The best option is to use running water so that all dirt and debris are removed. Let the water hit the seedlings for a few seconds, then shake them gently to expel excess water. After that, just put the wet herbs on a dry towel.

If you have larger herbs, you can wash them in a colander

Dry Herbs in the Oven Step 10

Step 4. Dry with a clean towel

Use another dry towel and press it gently over the herbs. When they are dry, transfer them to another dry towel or dish.

Part 3 of 4: Dehydrating Herbs

Dry Herbs in the Oven Step 11

Step 1. Cover a baking sheet with muslin or vellum

This is the best surface for dehydrating plants, but you can also leave the pan or pan unlined. Depending on their size, you can also use a grid with tightly knit bars.

If using the rack, place it on top of the baking sheet to prevent the bits of herbs from falling into the oven

Dry Herbs in the Oven Step 12

Step 2. Place the herbs on the baking sheet in a single layer

Do not leave any leaves overlapping or touching the others as they may not dehydrate evenly. If that's the case, the entire batch can go bad, as the centers of the leaves will burn if you try to finish dehydrating the edges that are still wet.

Dry Herbs in the Oven Step 13

Step 3. Light the oven at the lowest temperature

Excessive dehydration can destroy the taste, color and oils of the plants, so it is important to keep the temperature low. The process must be slow to keep the herbs edible.

Do not exceed a temperature of 80°C

Dry Herbs in the Oven Step 14

Step 4. Leave the oven door open if it is electric

Air needs to circulate around the seedlings as they dehydrate – the open door allows this circulation. It also reduces the risk of getting too hot and burning plants.

If you have a gas oven, do not leave the door open as it can be very dangerous. Open the door every five minutes to let the air circulate. Then wait 30 seconds and close again

Dry Herbs in the Oven Step 15

Step 5. Turn the herbs after half an hour

Use a kitchen glove to remove the baking sheet from the oven. With a tongs or fork, turn them so that both sides dehydrate equally.

Check the process every 15 minutes to see if it's not burning. If you suspect this, remove them from the oven early to see if they are already dehydrated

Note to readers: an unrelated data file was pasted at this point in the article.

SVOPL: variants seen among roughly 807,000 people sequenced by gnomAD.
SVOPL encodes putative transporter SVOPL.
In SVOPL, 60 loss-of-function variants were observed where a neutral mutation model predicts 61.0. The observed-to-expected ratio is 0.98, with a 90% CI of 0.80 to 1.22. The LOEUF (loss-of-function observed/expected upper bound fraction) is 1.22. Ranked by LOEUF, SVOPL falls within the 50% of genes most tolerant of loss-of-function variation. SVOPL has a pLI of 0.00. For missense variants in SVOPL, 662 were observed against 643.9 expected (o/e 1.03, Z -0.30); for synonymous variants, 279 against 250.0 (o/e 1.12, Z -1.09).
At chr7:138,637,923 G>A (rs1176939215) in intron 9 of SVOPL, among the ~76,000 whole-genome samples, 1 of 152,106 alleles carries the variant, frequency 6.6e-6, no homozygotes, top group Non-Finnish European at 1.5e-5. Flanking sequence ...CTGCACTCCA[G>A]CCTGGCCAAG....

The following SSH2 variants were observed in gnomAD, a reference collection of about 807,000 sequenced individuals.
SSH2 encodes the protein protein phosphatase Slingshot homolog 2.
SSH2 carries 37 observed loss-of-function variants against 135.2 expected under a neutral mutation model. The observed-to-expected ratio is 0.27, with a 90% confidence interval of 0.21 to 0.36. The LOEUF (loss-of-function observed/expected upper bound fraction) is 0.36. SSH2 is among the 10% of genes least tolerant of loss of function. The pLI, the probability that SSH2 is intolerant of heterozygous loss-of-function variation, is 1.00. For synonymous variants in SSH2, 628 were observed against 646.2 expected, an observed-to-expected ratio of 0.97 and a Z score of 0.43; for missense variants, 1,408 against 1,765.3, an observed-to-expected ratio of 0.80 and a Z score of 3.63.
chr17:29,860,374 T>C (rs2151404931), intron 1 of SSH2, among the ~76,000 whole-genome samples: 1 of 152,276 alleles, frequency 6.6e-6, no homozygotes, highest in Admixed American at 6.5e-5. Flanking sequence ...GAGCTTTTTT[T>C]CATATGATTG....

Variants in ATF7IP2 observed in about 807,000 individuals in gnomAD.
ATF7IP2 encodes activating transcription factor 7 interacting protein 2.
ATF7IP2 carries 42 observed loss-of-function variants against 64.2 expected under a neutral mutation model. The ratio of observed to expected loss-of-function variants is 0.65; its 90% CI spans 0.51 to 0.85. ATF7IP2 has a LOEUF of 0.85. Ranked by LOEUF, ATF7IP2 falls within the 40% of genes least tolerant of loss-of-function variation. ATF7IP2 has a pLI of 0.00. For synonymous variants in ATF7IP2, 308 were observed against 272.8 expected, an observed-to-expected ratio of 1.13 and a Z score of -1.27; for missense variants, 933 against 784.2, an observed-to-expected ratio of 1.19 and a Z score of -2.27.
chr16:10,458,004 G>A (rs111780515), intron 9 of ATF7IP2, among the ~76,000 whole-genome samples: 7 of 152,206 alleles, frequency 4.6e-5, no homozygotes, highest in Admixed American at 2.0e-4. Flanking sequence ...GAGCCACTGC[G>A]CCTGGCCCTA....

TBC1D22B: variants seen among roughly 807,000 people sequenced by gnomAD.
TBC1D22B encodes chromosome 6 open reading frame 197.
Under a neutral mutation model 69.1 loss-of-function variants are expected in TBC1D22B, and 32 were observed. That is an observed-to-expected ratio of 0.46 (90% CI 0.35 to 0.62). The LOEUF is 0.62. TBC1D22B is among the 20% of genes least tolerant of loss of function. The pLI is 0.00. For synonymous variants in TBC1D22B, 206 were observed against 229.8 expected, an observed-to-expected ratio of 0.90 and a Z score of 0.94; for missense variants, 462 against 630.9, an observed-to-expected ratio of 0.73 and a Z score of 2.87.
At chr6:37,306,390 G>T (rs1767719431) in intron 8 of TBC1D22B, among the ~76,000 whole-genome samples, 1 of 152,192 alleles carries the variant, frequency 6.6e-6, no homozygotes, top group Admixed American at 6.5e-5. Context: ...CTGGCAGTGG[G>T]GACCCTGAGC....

Dry Herbs in the Oven Step 16

Step 6. Remove the herbs from the oven after an hour

Most of them will dehydrate in this time. If you're not sure, let it cool and check the progress.

If they are not already dehydrated, continue the process for ten minutes at a time

Dry Herbs in the Oven Step 17

Step 7. Test to see if they are ready

Leaves must be very dry and brittle. Take a leaf or a stalk to see if they crumble easily between your fingers. Gently place the herb between your fingers and massage to see if it decays. If so, then you are already dehydrated.

Part 4 of 4: Storing the Herbs

Dry Herbs in the Oven Step 18

Step 1. Crumble the entire batch of herbs

It is common to crumble before storing the dehydrated plants, making it easier to add them to the dishes. Just rub the herb between your fingers, breaking the leaves well. Continue until each piece is crumbly.

If the leaves are still on the stalk, do not crumble the stalk itself. Keep it intact and throw it away only after removing the leaves

Dry Herbs in the Oven Step 19

Step 2. Place the herbs in a closed container

You can use a glass bottle, Tupperware, or a ziploc-type plastic bag. But the container must be closed, as moisture can spoil the herbs.

Dry Herbs in the Oven Step 20

Step 3. Store container in a cool, dry area

Good options include a pantry, a closet, or a refrigerator. Place the herbs that have just been dehydrated along with the rest of the spices.